30+ Instances Of Clueless People Trying To Correct Others Online But Ending Up Being Ridiculed
People's need to be right can be a very destructive force, especially when it is based on limited knowledge and false information. People who don't know the facts very well can be particularly dangerous when they believe they know better than doctors and scientists, who have years of experience and education behind them.
This kind of attitude can lead to dangerous or even deadly outcomes, as people may choose to ignore the advice of experts in favor of their own beliefs. Unfortunately, there are a lot of people like that out there.
The following gallery proves that. The internet has created an age of information overload, and it seems that people are getting dumber by the day.
The sheer volume of information available, combined with the low ability to process it, is creating a generation of people who are unable to think for themselves. The internet has given us access to more information than ever before, but it has also made us more reliant on others to filter and interpret that information for us.
We are bombarded with so much information every day that we can no longer process it all effectively. As a result, we are increasingly reliant on others to tell us what to think and believe.
The internet is like a superpower for us mere mortals. Thanks to anonymity, we can all pretend to be know-it-alls, even if we don't really know what we're talking about.
But when we get it wrong, oh boy, do we get it wrong! We've all seen the hilarious examples of incorrectly corrected posts floating around social media, which is why there are entire groups, subreddits, and pages dedicated to them.
Here are some of the funniest ones - enjoy!
1. Dozens people worldwide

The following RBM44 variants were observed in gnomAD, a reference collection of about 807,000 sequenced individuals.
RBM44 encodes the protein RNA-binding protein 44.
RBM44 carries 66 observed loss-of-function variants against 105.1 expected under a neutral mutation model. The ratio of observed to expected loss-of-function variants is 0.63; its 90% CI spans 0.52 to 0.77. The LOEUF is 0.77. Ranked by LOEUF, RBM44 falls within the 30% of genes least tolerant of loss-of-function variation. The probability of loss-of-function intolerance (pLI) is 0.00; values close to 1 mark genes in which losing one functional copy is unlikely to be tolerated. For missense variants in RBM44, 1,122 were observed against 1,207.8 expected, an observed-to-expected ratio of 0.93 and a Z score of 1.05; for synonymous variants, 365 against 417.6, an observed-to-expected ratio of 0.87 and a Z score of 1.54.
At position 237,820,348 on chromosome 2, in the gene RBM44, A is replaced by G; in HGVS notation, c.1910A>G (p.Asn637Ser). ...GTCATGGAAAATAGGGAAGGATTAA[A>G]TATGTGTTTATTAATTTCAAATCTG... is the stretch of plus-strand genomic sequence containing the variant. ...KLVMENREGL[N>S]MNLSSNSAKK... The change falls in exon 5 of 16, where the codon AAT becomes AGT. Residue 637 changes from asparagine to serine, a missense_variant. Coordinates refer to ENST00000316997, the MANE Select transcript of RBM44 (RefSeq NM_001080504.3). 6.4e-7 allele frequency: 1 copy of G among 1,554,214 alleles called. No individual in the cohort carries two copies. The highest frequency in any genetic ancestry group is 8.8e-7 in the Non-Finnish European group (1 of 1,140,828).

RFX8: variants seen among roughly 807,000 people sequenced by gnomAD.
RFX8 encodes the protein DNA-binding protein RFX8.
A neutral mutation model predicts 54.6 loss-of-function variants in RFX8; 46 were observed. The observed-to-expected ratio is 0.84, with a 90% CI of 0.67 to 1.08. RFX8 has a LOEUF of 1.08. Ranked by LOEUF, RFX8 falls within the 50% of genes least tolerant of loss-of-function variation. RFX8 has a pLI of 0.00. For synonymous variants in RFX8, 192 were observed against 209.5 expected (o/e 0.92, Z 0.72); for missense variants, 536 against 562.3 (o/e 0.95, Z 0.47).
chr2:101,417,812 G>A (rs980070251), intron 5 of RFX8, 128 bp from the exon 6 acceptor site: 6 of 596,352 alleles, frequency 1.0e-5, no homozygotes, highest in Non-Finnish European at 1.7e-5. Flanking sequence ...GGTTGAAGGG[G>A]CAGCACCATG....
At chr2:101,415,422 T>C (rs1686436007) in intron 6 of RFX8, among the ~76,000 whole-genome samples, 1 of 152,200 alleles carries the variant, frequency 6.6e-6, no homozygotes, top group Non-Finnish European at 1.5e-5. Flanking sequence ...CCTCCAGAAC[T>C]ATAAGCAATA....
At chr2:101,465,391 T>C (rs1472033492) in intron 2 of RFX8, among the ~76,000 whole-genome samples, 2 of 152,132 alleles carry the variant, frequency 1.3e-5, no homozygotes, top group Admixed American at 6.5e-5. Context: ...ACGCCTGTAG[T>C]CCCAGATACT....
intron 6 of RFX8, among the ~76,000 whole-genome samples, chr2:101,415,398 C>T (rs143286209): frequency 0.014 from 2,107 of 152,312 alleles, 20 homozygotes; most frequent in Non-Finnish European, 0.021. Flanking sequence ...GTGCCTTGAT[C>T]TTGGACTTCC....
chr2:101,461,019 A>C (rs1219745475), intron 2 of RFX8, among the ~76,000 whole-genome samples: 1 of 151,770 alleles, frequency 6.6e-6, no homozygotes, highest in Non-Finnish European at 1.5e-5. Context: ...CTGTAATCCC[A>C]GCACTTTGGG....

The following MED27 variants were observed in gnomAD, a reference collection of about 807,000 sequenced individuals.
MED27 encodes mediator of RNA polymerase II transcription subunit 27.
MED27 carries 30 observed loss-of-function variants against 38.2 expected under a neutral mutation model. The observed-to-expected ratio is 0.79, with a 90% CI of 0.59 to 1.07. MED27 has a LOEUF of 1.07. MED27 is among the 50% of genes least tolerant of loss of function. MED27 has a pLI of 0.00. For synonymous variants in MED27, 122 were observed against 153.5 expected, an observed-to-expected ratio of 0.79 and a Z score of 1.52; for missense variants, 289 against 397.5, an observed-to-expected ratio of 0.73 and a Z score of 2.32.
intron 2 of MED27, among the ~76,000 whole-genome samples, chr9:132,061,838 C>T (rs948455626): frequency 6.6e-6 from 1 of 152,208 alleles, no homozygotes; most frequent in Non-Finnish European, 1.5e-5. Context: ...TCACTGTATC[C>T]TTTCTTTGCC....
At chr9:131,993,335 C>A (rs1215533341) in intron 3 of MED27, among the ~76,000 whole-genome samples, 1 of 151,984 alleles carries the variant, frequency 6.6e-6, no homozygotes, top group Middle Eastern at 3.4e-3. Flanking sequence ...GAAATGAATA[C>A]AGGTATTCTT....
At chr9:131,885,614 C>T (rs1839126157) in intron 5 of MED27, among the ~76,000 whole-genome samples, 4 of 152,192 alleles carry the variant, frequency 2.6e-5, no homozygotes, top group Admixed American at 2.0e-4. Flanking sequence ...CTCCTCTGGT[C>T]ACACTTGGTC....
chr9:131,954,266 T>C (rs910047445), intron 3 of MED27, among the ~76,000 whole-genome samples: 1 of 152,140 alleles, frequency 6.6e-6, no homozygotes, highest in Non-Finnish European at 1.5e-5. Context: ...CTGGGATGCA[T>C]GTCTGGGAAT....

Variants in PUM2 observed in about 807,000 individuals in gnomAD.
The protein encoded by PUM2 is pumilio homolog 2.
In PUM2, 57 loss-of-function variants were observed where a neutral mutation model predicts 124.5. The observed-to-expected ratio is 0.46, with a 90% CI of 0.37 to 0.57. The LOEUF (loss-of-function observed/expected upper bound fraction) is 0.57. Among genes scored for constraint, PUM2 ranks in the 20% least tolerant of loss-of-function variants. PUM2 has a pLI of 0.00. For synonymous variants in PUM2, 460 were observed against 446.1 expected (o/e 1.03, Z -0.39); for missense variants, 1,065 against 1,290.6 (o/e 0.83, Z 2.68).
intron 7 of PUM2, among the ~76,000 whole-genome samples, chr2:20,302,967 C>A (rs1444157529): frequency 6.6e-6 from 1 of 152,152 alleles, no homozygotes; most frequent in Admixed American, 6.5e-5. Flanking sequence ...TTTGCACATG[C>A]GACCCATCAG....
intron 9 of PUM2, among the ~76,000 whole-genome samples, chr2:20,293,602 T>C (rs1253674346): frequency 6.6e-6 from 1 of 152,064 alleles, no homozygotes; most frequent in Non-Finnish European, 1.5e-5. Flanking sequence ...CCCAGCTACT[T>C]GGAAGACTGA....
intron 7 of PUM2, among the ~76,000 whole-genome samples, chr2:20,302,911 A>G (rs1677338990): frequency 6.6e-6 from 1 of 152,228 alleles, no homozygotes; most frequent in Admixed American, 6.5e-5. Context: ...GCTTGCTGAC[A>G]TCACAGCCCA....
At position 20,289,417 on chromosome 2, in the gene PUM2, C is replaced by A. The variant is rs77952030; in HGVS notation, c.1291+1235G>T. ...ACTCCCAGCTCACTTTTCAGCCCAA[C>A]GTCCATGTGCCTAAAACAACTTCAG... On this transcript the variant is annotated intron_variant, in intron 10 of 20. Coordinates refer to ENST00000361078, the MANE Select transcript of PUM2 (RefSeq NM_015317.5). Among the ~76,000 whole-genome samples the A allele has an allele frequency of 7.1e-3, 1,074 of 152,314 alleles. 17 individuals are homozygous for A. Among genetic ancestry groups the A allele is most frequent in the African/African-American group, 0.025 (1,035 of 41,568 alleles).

2. They are
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3. Should be changed
4. No, them aren't
5. Sheep, actually
6. Well, this is awkward
7. Sprite or spite?
8. The whole thing?
9. Not that eggs, you idiot...
10. You're and Your
11. Uno, you don't know how to play the game
12. Fiscally or physically?
13. That showed them
14. That's some interesting math...
15. Books and movies
16. TV, Earth, and atheists
18. Ok, buddy...
19. This guy is so delusional.
20. Frozen water...
21. Oh, man...
23. Some people...
25. Telling time is difficult
26. I hope this person doesn't do anything important
28. Rubber source? Yeah, right. Rubber comes from out of space
29. Cream Cheese and Cheese
30. Yes, blame the school system...
31. Where do these people get this kind of information?
32. A pound is heavier than kg?
33. English major?
34. More than a day
Have you heard about the Dunning-Kruger effect? It is a cognitive bias in which people with low ability in a certain area mistakenly think they are much more skilled than they actually are.
The bias is named after psychologists David Dunning and Justin Kruger, who first described it in a paper published in 1999. The Dunning-Kruger effect is a specific type of cognitive bias known as illusory superiority.
The Dunning-Kruger effect has been demonstrated in a variety of tasks, including grammar, logic, and a sense of humor. In each case, those with the lowest ability level mistakenly believed they were doing better than they actually were, while those with the highest ability level underestimated their own ability.
The Dunning-Kruger effect has implications for many areas of life. For example, it may help to explain why some people are confident in their ability to do things they are actually not very good at, like giving directions, or why some people persist in holding false beliefs even after they have been shown to be wrong.
The effect may also help to explain why some people are better at learning from their mistakes than others.